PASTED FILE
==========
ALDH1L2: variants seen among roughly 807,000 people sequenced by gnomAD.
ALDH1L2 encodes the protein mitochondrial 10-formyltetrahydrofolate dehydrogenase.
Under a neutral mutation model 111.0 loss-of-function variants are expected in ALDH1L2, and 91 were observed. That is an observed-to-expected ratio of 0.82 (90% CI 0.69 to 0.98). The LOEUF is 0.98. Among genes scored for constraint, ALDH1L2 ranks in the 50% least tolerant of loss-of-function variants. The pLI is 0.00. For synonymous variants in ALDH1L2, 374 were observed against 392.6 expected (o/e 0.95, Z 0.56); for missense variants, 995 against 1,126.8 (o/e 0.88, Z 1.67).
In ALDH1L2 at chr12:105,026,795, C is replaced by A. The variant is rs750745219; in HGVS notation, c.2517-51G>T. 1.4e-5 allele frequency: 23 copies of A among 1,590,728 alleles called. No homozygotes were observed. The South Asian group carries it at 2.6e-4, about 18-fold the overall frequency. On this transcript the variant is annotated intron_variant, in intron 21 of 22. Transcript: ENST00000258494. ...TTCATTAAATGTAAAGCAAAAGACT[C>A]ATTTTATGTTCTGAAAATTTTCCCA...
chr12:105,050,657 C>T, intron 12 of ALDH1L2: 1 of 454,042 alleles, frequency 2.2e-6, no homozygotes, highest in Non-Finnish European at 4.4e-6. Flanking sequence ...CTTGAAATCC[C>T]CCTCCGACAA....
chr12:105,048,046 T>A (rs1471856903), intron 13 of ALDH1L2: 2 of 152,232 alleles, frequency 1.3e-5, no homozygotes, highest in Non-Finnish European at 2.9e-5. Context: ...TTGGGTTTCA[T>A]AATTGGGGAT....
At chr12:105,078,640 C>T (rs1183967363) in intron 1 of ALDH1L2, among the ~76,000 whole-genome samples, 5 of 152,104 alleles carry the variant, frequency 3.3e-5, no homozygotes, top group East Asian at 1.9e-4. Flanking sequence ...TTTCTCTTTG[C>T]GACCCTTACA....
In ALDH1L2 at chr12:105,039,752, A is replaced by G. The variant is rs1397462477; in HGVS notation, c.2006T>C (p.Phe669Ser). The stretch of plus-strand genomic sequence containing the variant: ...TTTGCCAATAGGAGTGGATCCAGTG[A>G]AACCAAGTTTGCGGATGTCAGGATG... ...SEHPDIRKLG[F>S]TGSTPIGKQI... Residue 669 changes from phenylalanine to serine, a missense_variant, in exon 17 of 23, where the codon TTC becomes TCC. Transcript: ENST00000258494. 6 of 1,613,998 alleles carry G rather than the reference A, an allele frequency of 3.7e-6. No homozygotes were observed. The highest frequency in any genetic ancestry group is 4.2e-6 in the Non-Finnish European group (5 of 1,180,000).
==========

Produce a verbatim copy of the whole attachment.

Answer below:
ALDH1L2: variants seen among roughly 807,000 people sequenced by gnomAD.
ALDH1L2 encodes the protein mitochondrial 10-formyltetrahydrofolate dehydrogenase.
Under a neutral mutation model 111.0 loss-of-function variants are expected in ALDH1L2, and 91 were observed. That is an observed-to-expected ratio of 0.82 (90% CI 0.69 to 0.98). The LOEUF is 0.98. Among genes scored for constraint, ALDH1L2 ranks in the 50% least tolerant of loss-of-function variants. The pLI is 0.00. For synonymous variants in ALDH1L2, 374 were observed against 392.6 expected (o/e 0.95, Z 0.56); for missense variants, 995 against 1,126.8 (o/e 0.88, Z 1.67).
In ALDH1L2 at chr12:105,026,795, C is replaced by A. The variant is rs750745219; in HGVS notation, c.2517-51G>T. 1.4e-5 allele frequency: 23 copies of A among 1,590,728 alleles called. No homozygotes were observed. The South Asian group carries it at 2.6e-4, about 18-fold the overall frequency. On this transcript the variant is annotated intron_variant, in intron 21 of 22. Transcript: ENST00000258494. ...TTCATTAAATGTAAAGCAAAAGACT[C>A]ATTTTATGTTCTGAAAATTTTCCCA...
chr12:105,050,657 C>T, intron 12 of ALDH1L2: 1 of 454,042 alleles, frequency 2.2e-6, no homozygotes, highest in Non-Finnish European at 4.4e-6. Flanking sequence ...CTTGAAATCC[C>T]CCTCCGACAA....
chr12:105,048,046 T>A (rs1471856903), intron 13 of ALDH1L2: 2 of 152,232 alleles, frequency 1.3e-5, no homozygotes, highest in Non-Finnish European at 2.9e-5. Context: ...TTGGGTTTCA[T>A]AATTGGGGAT....
At chr12:105,078,640 C>T (rs1183967363) in intron 1 of ALDH1L2, among the ~76,000 whole-genome samples, 5 of 152,104 alleles carry the variant, frequency 3.3e-5, no homozygotes, top group East Asian at 1.9e-4. Flanking sequence ...TTTCTCTTTG[C>T]GACCCTTACA....
In ALDH1L2 at chr12:105,039,752, A is replaced by G. The variant is rs1397462477; in HGVS notation, c.2006T>C (p.Phe669Ser). The stretch of plus-strand genomic sequence containing the variant: ...TTTGCCAATAGGAGTGGATCCAGTG[A>G]AACCAAGTTTGCGGATGTCAGGATG... ...SEHPDIRKLG[F>S]TGSTPIGKQI... Residue 669 changes from phenylalanine to serine, a missense_variant, in exon 17 of 23, where the codon TTC becomes TCC. Transcript: ENST00000258494. 6 of 1,613,998 alleles carry G rather than the reference A, an allele frequency of 3.7e-6. No homozygotes were observed. The highest frequency in any genetic ancestry group is 4.2e-6 in the Non-Finnish European group (5 of 1,180,000).